What I am saying is that the divine Evdokimos was a most-exact keeper of all the commandments of God. He hid all of his virtues, because he feared the word of the Gospel, “do not be thought of...”, in other words do not do something to be seen by others. With keeping this word he conquered the greatest beast, “glory”, in other words vanity and love of glory, which calls all of us to esoteric agitation and great turmoils. This great beast, Evdomikos conquered and defeated. In what way? By always hiding and by never giving any sign of his holiness. In my opinion, this is the greatest triumph of virtue, because I see the passion of love of glory as unconquerable.
As you know, the once first of the Angels was filled with pride, and dared to say: “I will place my throne above the heavens, and I, myself will become the Exalted God.” Was he not put in danger by love of glory, which I named an unconquerable beast? And do not be surprised by the name. Because whether we call it haughtiness, pride, conceit, glory, manic-glory, work-for-glory, [doxarion], or love-of-glory, the name alone changes, but we are talking about the same passion. The difference us found in in the disposition in those that have it.
Did not Adam, for this glory, imagine that he would become equal to God? And if for this passion of glory angels became demons and devils, Adam won death, earthly and heavenly creation was troubled, and the all-consuming Hades was is this passion of love of glory not great? For if the first angel and first man conquered this passion, the universe would not have been troubled, neither would death, which we tremble at and fear, endanger us with its sickle. On account of love of glory, did not all troubles of life enter the world? Most certainly! Because of this the first angel and the first man were conquered.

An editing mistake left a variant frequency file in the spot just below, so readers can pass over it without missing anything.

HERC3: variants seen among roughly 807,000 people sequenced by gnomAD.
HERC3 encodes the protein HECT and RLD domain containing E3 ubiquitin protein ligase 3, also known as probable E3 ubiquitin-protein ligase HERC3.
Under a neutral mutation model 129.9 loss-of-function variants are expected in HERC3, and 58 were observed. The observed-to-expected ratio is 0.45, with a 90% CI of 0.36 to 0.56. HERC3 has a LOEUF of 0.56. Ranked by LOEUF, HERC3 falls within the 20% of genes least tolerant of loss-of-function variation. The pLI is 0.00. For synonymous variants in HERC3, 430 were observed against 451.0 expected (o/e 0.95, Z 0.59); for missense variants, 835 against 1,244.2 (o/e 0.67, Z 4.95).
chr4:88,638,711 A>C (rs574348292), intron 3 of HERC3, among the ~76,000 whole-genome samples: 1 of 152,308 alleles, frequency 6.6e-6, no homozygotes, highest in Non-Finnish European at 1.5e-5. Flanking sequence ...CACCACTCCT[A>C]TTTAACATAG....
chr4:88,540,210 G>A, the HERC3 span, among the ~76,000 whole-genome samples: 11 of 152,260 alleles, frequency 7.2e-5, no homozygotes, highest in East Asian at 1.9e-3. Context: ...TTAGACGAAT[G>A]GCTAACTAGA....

This, however, did not conquer Evdokimos, but he conquered it, because he hid his virtue and his holiness “as the apple of his eye”. He achieved great victory and became higher than the first angel and the first man. If we do not call Evdokimos holy and do not honor him, and do not glorify him as a Saint, I do not know who else to call, to honor or to glorify.
That his holy relic was granted a heavenly fragrance, after so many signs of his virtue, and after such a great victory against the devil, is another sign of his holiness to those who think about divine things, as a friend wrote who asked about St. Evdokimos. “However, he did not ultimately remain unknown to the end, because God glorifies those who glorify Him.” Would He therefore have glorified Adam and made the first angel incorrupt, had they not been conquered by love of glory? Of course he would have glorified them. But they lost the glory that they had, endangered by their love of glory.
Our St. Evdokimos fled from all love-of-glory throughout his whole life, and in his death, without wishing to be glorified from God. God glorifies all His saints to praise a life of virtue and godliness, and to censure a life of evil and passion.